Barnes & Noble has also given its Nook Newsstand section, which organizes periodicals in customers’ libraries, a bit of a spring clean so that particular titles are easier to find.
The NOOK Store is yet to really take off on mobile platforms outside of its own dedicated tablets. Part of the problem is that Apple’s iBooks and Newsstand apps are already pretty robust on iOS, and come pre-installed with every iPhone and iPad.
Likewise, Google has made great strides to improve the storefront experience in the Play Store, giving users fewer reasons to check out third-party alternatives such as the Amazon Appstore or NOOK for Android app.
Comics is a small, but welcome addition to the NOOK Store on iOS. It’s unlikely to be enough to sway users from dedicated comic apps such as Comixology, but at this point every little helps.
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Image Credit: Mario Tama/Getty Images
Read the original here: Barnes & Noble adds Zoom View tool and over 8,000 graphic novels to its NOOK for iOS app
Microsoft’s Azure Infrastructure as a Service and Platform as a Service cloud computing tool today turned on support for Hadoop. Or, in Microsoft-speak, HDInsight is now a go, enabling “you to easily deploy and manage Hadoop Clusters.”
That warming sensation you are feeling is natural.
As ZDNet’s Mary Jo Foley noted in a post on the matter, “Microsoft has made three private previews of the HDInsight Service on Azure available to select testers.” Today’s release is the very first publicly available Hadoop-On-Azure experience, however.
TNW has written about the coming inclusion of Hadoop on Azure, so anticipated has it been. Its boss, Satya Nadella, explained to TNW that while progress on Hadoop is perhaps nascent, it has promise:
Not all of Microsoft’s needed work on Azure is inside-facing, however, as its efforts on Hadoop have shown. “What I preach inside my team is, look, every billion dollar starts first with being a million dollars.”
Also out today from the Azure team is support for Windows Phone 7.5, mobile HTML5 clients, Mecurial, PhoneGap, and Dropbox integration. Dropbox, the massively popular file sharing service is a natural fit for Azure; it has your stuff, and Azure will calculate on it for you. For a technical dive on the new capabilities, head here.
While all the above features are now live, Microsoft notes that “some of the services are still in preview.”
Azure competes with Amazon’s AWS suite of service, and Rackspace’s cloud offerings as well. It’s a crowded, yet growing space. For more on Azure and how it fits into Microsoft’s ‘devices and service’ paradigm, head here.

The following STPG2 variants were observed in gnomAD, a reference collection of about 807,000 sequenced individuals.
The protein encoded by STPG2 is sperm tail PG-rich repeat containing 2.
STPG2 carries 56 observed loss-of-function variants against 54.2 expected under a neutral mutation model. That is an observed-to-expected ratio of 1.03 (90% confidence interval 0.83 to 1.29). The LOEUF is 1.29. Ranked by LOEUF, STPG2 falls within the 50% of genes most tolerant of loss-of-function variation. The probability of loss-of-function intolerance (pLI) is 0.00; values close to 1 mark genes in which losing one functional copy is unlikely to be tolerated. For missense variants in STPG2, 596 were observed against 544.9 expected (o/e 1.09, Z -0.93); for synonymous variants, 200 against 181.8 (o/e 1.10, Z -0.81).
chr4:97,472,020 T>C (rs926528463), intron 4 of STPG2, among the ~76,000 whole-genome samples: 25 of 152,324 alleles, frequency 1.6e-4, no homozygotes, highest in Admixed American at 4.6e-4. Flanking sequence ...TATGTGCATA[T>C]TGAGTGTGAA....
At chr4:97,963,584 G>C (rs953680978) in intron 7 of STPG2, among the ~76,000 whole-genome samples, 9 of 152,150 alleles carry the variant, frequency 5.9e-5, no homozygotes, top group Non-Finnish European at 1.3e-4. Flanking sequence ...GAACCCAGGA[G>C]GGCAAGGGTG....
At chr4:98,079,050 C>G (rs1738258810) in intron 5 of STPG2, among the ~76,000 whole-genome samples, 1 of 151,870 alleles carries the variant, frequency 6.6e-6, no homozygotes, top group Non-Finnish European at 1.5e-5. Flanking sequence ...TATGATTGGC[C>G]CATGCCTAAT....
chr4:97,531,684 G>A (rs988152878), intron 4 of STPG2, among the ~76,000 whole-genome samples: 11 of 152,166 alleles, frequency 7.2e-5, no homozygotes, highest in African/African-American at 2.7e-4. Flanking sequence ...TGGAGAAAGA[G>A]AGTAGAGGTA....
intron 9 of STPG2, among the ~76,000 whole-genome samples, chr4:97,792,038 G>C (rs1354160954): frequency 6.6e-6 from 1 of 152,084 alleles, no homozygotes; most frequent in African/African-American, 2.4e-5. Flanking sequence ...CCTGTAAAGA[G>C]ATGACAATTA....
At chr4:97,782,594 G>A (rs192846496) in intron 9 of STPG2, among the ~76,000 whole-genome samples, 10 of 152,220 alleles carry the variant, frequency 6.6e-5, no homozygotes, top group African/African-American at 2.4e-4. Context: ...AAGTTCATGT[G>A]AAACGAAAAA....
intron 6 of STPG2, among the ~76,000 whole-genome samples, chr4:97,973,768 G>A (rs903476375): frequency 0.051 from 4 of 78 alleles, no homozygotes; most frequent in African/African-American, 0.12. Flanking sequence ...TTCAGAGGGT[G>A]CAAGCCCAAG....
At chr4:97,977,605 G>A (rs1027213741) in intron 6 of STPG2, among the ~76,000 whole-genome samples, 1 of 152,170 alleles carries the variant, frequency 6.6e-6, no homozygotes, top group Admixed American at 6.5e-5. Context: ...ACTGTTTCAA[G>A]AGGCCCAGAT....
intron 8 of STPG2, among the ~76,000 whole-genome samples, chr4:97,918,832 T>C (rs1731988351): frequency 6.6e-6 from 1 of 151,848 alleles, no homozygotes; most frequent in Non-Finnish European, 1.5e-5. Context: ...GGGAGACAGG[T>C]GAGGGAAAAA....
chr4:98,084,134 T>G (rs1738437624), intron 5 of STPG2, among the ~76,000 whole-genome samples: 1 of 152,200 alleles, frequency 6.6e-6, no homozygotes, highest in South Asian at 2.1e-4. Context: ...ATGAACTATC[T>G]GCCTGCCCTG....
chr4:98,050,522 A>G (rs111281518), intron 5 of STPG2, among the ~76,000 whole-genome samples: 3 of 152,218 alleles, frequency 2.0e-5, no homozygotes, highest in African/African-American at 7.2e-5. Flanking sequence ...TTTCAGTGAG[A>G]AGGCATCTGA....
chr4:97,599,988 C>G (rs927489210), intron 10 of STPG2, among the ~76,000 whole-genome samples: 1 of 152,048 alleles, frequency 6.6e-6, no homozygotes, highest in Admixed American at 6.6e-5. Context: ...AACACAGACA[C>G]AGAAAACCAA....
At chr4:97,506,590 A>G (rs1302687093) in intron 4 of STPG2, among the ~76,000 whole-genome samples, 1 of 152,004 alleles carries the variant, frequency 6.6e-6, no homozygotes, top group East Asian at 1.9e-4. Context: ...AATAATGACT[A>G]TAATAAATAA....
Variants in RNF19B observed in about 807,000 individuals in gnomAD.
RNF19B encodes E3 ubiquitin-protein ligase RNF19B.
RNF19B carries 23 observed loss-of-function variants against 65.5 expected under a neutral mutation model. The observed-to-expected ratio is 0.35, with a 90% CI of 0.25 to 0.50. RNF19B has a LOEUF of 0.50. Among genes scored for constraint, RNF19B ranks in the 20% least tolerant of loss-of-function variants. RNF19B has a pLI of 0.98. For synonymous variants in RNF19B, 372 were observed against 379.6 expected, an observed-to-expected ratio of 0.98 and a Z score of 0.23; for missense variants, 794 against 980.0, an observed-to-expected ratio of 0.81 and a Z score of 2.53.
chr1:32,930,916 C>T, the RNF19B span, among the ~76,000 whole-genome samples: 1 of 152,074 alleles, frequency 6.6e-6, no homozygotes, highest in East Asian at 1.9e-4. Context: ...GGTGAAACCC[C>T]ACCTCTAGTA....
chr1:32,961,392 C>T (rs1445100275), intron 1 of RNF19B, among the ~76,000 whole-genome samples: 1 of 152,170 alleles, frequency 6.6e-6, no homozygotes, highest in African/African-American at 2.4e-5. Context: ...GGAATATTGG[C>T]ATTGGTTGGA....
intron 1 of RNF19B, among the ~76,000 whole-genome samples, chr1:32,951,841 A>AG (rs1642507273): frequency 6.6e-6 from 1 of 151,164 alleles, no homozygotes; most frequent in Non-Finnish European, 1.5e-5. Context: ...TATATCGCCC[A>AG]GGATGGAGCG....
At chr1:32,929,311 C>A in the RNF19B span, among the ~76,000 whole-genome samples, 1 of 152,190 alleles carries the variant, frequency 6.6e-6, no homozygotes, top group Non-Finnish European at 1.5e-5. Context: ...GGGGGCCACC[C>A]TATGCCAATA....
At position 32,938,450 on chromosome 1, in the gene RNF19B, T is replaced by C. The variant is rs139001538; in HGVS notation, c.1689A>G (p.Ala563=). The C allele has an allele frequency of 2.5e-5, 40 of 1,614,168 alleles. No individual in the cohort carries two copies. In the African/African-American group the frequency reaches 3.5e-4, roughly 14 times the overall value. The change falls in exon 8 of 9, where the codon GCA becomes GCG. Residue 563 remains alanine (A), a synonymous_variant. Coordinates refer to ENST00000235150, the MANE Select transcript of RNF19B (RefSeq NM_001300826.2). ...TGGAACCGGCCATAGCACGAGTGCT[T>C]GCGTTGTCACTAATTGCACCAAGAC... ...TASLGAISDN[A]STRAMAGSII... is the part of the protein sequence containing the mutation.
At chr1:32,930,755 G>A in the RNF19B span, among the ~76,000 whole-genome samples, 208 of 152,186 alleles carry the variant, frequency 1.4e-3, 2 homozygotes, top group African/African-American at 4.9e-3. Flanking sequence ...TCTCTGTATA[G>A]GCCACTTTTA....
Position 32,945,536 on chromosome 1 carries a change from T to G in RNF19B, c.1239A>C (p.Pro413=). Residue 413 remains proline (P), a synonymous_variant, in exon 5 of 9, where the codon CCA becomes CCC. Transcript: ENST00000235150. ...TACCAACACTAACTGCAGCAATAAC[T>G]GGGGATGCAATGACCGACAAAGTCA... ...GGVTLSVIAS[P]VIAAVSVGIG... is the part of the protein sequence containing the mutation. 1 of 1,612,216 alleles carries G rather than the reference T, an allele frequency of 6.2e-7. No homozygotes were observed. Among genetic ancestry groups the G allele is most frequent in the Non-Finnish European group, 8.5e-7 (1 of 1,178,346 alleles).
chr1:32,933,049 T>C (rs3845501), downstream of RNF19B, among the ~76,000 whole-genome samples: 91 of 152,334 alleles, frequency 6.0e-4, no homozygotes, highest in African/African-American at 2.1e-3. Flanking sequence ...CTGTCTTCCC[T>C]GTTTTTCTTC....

Top Image Credit: Robert Scoble
Bootstrap, the highly popular front-end framework originally built at Twitter by @mdo and @fat, is quickly approaching its next major release. As of today, the release candidate preview site for Bootstrap 3 is now up, revealing an early look at what to expect.
We’ve had a basic summary of what to expect for Bootstrap 3 since December. In short, the creators shared that the framework will ”drop legacy code, improve responsive CSS, and centralize community efforts.”
Much more has changed, however, namely that Bootstrap 3 is now “mobile first.” According to the release candidate site, the upcoming launch has been rewritten “to be mobile friendly from the start. Instead of adding on optional mobile styles, they’re baked right into the core…Mobile first styles can be found throughout the entire library instead of in separate files.”
This growing emphasis on mobile devices is far from surprising (other popular Web frameworks have already taken note), but is still immensely important for the future of the Web, and is thus worth keeping an eye on.
You may have already noticed on the release candidate site that Bootstrap has reverted to a flat design — but fear not, gradient lovers; it hasn’t. Hacker News user benoitg discovered a statement from mdo: “gradients and other embellishments have temporarily been removed while I focus on other things. It has nothing to do with skeuomorphism or anything like that.”
For fun, be sure to also check out this gallery of impressive sites built on Bootstrap.
Here is the original post: Here’s an early look at Bootstrap 3, rewritten to be ‘mobile first’
Bill Gates is currently hosting an AMA session on Reddit. An AMA, short for ‘Ask Me Anything,’ is an informal text-based interview with the social website’s userbase. As Reddit’s size has grown, so too has the level of celebrity of individual that can be attracted to spend time on the site. Famously President Obama took the time to answer a handful of questions during his last campaign.
In a new turn, Bill put together a short, animated video clip answering three popular questions. Given his immense wealth, it’s not a surprise that two involved money: how much do you have in your wallet, and can I have $1 million?
Enjoy the clip, and if Bill posts anything eye-popping in his AMA session, we’ll bring you the highlights.
Go here to read the rest: Bill Gates takes to Reddit for an AMA: Only has $100 in his wallet, will not give you $1 million